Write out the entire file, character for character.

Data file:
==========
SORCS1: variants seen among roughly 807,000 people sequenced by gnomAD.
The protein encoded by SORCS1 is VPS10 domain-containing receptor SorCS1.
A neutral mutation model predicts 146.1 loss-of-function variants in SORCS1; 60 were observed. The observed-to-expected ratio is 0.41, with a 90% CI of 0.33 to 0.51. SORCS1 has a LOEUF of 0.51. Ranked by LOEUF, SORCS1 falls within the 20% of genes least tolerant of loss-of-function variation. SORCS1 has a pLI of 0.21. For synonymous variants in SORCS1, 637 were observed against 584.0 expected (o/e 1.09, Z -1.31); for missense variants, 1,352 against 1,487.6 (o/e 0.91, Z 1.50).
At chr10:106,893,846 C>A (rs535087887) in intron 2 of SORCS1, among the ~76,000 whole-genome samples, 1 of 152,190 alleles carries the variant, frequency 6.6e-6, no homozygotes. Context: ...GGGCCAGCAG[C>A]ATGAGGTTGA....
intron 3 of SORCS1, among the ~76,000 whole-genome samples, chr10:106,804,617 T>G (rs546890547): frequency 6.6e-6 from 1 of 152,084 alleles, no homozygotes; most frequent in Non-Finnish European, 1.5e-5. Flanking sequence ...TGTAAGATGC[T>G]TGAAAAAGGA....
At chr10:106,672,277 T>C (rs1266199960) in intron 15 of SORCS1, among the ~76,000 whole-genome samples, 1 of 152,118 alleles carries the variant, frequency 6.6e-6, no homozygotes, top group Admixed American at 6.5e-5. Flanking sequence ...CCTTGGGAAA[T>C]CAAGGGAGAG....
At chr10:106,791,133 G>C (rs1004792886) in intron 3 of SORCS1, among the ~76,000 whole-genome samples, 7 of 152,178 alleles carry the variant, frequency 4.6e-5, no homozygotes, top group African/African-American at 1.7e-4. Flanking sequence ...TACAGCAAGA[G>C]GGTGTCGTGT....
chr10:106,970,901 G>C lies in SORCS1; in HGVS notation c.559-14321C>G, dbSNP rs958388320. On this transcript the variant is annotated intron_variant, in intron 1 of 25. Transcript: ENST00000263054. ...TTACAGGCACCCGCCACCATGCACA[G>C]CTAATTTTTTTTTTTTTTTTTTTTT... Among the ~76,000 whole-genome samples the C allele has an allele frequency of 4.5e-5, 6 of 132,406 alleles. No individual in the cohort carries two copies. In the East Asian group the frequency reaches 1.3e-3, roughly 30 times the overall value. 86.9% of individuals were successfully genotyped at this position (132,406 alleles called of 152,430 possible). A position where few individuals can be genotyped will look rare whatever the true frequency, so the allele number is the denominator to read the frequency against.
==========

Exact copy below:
SORCS1: variants seen among roughly 807,000 people sequenced by gnomAD.
The protein encoded by SORCS1 is VPS10 domain-containing receptor SorCS1.
A neutral mutation model predicts 146.1 loss-of-function variants in SORCS1; 60 were observed. The observed-to-expected ratio is 0.41, with a 90% CI of 0.33 to 0.51. SORCS1 has a LOEUF of 0.51. Ranked by LOEUF, SORCS1 falls within the 20% of genes least tolerant of loss-of-function variation. SORCS1 has a pLI of 0.21. For synonymous variants in SORCS1, 637 were observed against 584.0 expected (o/e 1.09, Z -1.31); for missense variants, 1,352 against 1,487.6 (o/e 0.91, Z 1.50).
At chr10:106,893,846 C>A (rs535087887) in intron 2 of SORCS1, among the ~76,000 whole-genome samples, 1 of 152,190 alleles carries the variant, frequency 6.6e-6, no homozygotes. Context: ...GGGCCAGCAG[C>A]ATGAGGTTGA....
intron 3 of SORCS1, among the ~76,000 whole-genome samples, chr10:106,804,617 T>G (rs546890547): frequency 6.6e-6 from 1 of 152,084 alleles, no homozygotes; most frequent in Non-Finnish European, 1.5e-5. Flanking sequence ...TGTAAGATGC[T>G]TGAAAAAGGA....
At chr10:106,672,277 T>C (rs1266199960) in intron 15 of SORCS1, among the ~76,000 whole-genome samples, 1 of 152,118 alleles carries the variant, frequency 6.6e-6, no homozygotes, top group Admixed American at 6.5e-5. Flanking sequence ...CCTTGGGAAA[T>C]CAAGGGAGAG....
At chr10:106,791,133 G>C (rs1004792886) in intron 3 of SORCS1, among the ~76,000 whole-genome samples, 7 of 152,178 alleles carry the variant, frequency 4.6e-5, no homozygotes, top group African/African-American at 1.7e-4. Flanking sequence ...TACAGCAAGA[G>C]GGTGTCGTGT....
chr10:106,970,901 G>C lies in SORCS1; in HGVS notation c.559-14321C>G, dbSNP rs958388320. On this transcript the variant is annotated intron_variant, in intron 1 of 25. Transcript: ENST00000263054. ...TTACAGGCACCCGCCACCATGCACA[G>C]CTAATTTTTTTTTTTTTTTTTTTTT... Among the ~76,000 whole-genome samples the C allele has an allele frequency of 4.5e-5, 6 of 132,406 alleles. No individual in the cohort carries two copies. In the East Asian group the frequency reaches 1.3e-3, roughly 30 times the overall value. 86.9% of individuals were successfully genotyped at this position (132,406 alleles called of 152,430 possible). A position where few individuals can be genotyped will look rare whatever the true frequency, so the allele number is the denominator to read the frequency against.